The Story Theatre/Grand Opera House

512 Broad Street, Story City, Iowa


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Curtain Falls, Lights Dim on Local Icon

Originally published in The Story City Herald, 2005

Photo Identifications: Top Left: Dick Peterson; Middle Right: Virgil (standing) and Dick; Bottom Left: Todd Thorson and Dick Peterson

The curtain finally came down and the lights dimmed on a well-known and well-respected Story City businessman when Dick Peterson passed away at the age of 85. For the last seven-plus years, Dick had resided at Bethany Manor, but his first and only home here in Story City was located upstairs at the Story Theatre.

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Dick and Virgil, together with their parents, operated the theatre from 1946 to 1983, and weathered through some very tough times in the 1950s and 1960s, when television took away much of the theatre’s patrons. But through it all they persevered, keeping the doors open when many small town theatres were closing. When both brothers “semi-retired” in December 1983, they gave way to a young movie-lover, college student and native Story Citian who wasn’t quite sure what he was getting into.

Following the death of my father in 1975, I had to grow up rather quickly. Having helped out in the newspaper business in junior high, I proceeded to add additional duties at the local theatre. Helping Dick and Virgil during high school, along with my sports reporting and picture taking, kept me busy throughout my last years at Roland-Story. It wasn’t until after my first year of college in Colorado that I realized my heart, as well as my opportunities, remained back home in Story City. Upon my return to Iowa, I enrolled at Iowa State University and began working again at the theatre and newspaper, while living in Ames and taking in all that college life had to offer. In 1983, Dick approached me about buying the theatre business and naturally I was surprised and honored he would ask. I promptly said yes, took over in December of 1983, and have continued operating the theatre ever since.

Dick, however, was always present to lend a helping hand or offer advice even up to the time he went to Bethany Manor in 1998. The reason I’m writing all this is that Dick and Virgil became like family to me, filling part of a void obviously left by my father’s passing. And together with my mother at the newspaper, I learned everything there is to know about dedication and loving what you choose to do with your life. I learned about the theatre business and how rewarding it is to bring laughter, tears, joy and sorrow to many of the area’s filmgoers. I learned about the projection booth and film presentation from Virgil, and how providing a service to the general public is a very enjoyable experience. And I learned about taking care of what you have. I began to love movies, both past and present; probably more than the average person. I learned about history, and family, and the changing times. I learned about bad times as well as the good times. And so much more.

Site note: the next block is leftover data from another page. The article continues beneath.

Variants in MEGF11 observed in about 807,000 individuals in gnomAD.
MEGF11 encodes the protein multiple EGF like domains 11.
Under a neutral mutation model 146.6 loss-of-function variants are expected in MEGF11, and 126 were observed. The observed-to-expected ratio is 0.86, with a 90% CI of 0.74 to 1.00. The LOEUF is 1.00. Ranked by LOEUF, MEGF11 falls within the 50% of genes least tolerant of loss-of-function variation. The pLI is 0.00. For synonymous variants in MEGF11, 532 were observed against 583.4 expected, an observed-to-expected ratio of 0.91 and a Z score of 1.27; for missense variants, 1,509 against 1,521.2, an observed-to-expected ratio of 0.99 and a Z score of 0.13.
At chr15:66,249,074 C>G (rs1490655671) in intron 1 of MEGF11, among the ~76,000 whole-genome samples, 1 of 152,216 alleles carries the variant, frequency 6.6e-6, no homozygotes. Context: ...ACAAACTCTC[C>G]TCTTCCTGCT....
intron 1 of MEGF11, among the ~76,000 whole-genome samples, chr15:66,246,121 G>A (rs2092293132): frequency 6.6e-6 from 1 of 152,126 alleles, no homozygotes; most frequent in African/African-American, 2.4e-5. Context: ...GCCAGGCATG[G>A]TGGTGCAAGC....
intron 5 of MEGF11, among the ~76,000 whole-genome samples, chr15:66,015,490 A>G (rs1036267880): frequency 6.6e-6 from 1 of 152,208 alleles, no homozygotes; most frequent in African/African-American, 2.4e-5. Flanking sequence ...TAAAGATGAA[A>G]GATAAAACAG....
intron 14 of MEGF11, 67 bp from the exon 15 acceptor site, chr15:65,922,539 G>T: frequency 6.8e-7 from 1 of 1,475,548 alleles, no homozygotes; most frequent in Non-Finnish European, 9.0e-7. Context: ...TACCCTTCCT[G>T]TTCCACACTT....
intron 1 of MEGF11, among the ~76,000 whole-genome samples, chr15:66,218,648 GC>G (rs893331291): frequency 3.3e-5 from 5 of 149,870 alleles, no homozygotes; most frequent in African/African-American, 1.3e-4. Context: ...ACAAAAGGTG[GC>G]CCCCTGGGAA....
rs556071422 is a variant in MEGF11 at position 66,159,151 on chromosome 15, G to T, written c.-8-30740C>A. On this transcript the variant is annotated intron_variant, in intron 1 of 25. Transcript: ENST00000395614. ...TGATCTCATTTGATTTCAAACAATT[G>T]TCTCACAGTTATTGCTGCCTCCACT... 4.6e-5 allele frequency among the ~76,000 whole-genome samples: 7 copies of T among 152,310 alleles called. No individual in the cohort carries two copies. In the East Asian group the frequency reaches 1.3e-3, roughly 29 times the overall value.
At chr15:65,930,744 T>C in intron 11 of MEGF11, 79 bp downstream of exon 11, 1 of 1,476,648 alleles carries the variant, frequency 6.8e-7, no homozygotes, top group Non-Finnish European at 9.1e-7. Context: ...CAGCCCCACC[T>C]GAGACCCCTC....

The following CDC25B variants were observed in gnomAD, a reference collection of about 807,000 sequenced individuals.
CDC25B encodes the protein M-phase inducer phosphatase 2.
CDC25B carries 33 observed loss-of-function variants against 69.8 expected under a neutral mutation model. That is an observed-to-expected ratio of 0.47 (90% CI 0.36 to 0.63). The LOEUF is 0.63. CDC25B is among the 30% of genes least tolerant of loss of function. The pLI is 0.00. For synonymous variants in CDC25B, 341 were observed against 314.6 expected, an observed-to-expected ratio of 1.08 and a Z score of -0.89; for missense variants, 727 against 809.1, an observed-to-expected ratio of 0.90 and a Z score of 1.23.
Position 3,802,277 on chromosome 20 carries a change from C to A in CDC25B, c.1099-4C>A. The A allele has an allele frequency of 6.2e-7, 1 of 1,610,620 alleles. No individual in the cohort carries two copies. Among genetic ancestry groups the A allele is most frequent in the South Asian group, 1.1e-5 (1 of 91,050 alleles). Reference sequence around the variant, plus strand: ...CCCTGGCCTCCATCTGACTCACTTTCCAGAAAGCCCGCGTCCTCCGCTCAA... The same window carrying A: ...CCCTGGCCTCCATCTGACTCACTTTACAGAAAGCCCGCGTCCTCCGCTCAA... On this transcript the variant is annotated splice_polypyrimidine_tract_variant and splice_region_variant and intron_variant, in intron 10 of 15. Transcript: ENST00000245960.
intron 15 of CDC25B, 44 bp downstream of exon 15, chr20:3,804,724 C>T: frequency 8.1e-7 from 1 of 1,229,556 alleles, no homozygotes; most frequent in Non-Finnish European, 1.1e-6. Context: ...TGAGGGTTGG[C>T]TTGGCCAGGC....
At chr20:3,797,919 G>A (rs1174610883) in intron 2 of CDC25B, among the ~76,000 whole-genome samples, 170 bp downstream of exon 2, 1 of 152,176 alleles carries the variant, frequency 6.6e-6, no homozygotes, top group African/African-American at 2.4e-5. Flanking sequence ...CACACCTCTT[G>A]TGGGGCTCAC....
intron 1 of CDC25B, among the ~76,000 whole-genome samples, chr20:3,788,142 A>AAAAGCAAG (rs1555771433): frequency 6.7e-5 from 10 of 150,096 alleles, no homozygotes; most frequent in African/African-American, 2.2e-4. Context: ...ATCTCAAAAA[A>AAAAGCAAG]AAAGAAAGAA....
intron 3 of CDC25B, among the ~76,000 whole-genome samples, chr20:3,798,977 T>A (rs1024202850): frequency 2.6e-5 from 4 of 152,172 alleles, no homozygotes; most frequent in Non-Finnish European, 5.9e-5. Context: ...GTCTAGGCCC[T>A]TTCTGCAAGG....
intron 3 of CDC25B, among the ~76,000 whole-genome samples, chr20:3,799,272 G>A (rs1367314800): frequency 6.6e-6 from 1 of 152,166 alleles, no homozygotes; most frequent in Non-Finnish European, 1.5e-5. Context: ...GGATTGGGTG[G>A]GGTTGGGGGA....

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Dick and Virgil, and their parents, ran the local theatre here in Story City almost 40 years; 37 to be exact. They were also in the theatre business in Minnesota before coming to Story City. All totaled, the Peterson family members (brother Wayne and his wife Della were also in the movie business) were in the motion picture business for over 50 years! And since Dick and his brother Virgil never had children, and Bob is the only surviving nephew (Wayne’s son), the Peterson family “screenplay” is about to write one of its final chapters here in Story City.

Dick had a very full life and always loved talking about his growing up years in Lake Benton and Balaton, Minnesota; from his exploits as a kid, riding horses, sledding and playing in the high school band, to the tough times of the Great Depression. And through it all, his love of movies and music was constantly at the forefront of his everyday life (Greta Garbo was his favorite movie star and the Big Bands were his music of choice). I’ll always remember many a Saturday night hearing Benny Goodman or Glenn Miller coming from Dick’s apartment through the projection booth door. He was also very proud of his World War II years, and the infantry mates he met while serving in the U.S. Army from 1942 to 1945; unfortunately many of these new found friends never made it back alive. Those years were always in the back of Dick’s mind; though talking about the war and the experiences he had always seemed to bring tears to his eyes.

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One can honestly say that you do indeed learn from those who have gone before you. You take with you what is passed on. History, especially family history, is the lifeline that bridges the past with the future. Dick proved that point over and over each and every day of his life. One couldn’t possibly fathom the abundance of knowledge, conversation and personal recollections this small-framed man carried inside until you got to know him. And now that he’s gone, not only have many of us lost a personal friend, but the entire town of Story City has lost one of its own. He may not have been a native of Story City, but he certainly called it “home”. And just remember, Dick, as long as I can and as long as it's feasible, “the show will go on”.

As Bob Hope used to say (he was also a favorite of Dick’s), “Thanks for the Memories!”

 

--by Todd Thorson, Publisher/Editor, Story City Herald and Owner/Operator, Story Theatre/Grand Opera House